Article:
"The emergence of the omicron variant has understandably captured global attention," said WHO Director-General Tedros Ghebreyesus at a press webinar on the COVID-19 pandemic.
"WHO takes this development extremely seriously, and so should every country. But it should not surprise us. This is what viruses do."
He said the omicron virus announced on Friday will continue to develop if the world allows it to continue spreading.
"We are learning more all the time about omicron, but there's still more to learn about its effect on transmission, the severity of disease, and the effectiveness of tests, therapeutics, and vaccines," Tedros noted.
He said the world must not forget that it is already dealing with a highly transmissible, dangerous variant – the delta – which currently accounts for almost all cases globally, including 90% of cases in Turkey.
"We need to use the tools we already have to prevent transmission and save lives from delta. And if we do that, we will also prevent transmission and save lives from omicron," added Tedros.
He warned that if countries and individuals don't take the necessary steps to stop transmission of the delta strain, "they won't stop omicron either."
Several WHO advisory groups had met to evaluate the emerging evidence and prioritize the studies needed to answer these questions over recent days.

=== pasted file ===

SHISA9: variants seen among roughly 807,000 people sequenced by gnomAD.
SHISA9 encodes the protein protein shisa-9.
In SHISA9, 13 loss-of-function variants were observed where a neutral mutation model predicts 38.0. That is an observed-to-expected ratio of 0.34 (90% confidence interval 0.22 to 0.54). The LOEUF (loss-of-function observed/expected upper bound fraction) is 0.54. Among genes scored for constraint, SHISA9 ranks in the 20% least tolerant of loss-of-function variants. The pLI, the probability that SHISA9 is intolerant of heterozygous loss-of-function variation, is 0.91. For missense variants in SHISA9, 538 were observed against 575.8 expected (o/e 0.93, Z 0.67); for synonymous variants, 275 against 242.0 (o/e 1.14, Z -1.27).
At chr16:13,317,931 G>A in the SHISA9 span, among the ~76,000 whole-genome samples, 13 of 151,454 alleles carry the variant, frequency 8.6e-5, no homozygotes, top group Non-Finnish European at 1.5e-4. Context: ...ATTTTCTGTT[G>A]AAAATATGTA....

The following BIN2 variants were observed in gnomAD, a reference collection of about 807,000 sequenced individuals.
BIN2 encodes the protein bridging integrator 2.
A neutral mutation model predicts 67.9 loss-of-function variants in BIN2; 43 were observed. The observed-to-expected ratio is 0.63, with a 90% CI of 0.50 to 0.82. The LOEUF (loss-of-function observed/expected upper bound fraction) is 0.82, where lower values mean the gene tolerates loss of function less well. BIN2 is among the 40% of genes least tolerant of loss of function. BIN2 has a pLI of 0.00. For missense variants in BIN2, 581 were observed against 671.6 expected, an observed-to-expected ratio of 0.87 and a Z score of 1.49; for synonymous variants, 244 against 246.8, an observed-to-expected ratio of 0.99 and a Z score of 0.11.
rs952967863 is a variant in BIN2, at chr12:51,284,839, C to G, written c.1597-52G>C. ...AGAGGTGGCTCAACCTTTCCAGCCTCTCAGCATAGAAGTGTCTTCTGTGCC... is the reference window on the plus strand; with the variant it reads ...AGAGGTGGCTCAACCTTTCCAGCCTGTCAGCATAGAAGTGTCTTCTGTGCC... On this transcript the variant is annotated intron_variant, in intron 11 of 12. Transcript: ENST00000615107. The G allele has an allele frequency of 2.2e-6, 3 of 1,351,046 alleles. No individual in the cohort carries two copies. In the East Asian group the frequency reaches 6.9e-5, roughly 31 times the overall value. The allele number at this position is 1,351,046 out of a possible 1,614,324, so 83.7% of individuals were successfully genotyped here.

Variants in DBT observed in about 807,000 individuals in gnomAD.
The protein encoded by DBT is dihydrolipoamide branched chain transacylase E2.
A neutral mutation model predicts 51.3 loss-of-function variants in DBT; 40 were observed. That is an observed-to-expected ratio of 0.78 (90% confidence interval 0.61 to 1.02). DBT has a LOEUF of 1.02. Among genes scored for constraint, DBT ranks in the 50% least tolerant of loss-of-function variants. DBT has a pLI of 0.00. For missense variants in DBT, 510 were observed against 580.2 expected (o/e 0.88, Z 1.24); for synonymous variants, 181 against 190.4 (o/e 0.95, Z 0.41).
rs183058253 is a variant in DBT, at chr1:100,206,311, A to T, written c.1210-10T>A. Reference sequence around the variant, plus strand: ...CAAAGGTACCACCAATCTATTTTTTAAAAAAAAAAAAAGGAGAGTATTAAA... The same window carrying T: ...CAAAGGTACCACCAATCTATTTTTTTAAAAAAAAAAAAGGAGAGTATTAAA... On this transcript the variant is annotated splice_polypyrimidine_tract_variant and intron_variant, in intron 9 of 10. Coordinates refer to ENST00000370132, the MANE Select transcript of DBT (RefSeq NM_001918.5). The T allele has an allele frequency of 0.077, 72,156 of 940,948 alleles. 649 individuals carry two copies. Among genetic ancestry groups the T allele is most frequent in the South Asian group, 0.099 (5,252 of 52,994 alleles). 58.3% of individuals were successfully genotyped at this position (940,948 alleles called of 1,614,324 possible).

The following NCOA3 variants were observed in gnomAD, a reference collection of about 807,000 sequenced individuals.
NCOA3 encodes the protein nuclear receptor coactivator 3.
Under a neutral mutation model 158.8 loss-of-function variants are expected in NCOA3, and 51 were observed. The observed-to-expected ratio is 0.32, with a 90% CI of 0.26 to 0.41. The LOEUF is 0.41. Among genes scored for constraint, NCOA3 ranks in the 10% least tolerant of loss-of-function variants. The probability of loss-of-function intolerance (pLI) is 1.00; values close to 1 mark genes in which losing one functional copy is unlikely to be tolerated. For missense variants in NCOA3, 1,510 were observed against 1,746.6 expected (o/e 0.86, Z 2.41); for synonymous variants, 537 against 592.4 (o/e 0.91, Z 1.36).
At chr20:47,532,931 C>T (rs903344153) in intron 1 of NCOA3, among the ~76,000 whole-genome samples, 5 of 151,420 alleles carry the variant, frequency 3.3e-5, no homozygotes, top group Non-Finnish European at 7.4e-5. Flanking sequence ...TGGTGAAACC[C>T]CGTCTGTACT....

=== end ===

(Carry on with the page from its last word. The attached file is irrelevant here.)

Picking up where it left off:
The WHO chief again thanked Botswana and South Africa for detecting, sequencing, and reporting this variant rapidly.
"It is deeply concerning to me that those countries are now being penalized by others for doing the right thing," he said, repeating an earlier message.
Tedros called on all countries to take rational, proportional risk-reduction measures in keeping with the International Health Regulations.
"This includes measures to delay or reduce the spread of the new variant, such as screening of passengers prior to traveling and upon arrival or the application of quarantine to international travelers."
He explained that blanket travel bans would not prevent the international spread of omicron, and they place a heavy burden on lives and livelihoods.
Experts and vaccine producers are unsure if current vaccines will be enough to protect against the omicron variant. While Pfizer-BioNTech has reassured the public that its vaccine can withstand the highly mutated variant, Modern has been less optimistic.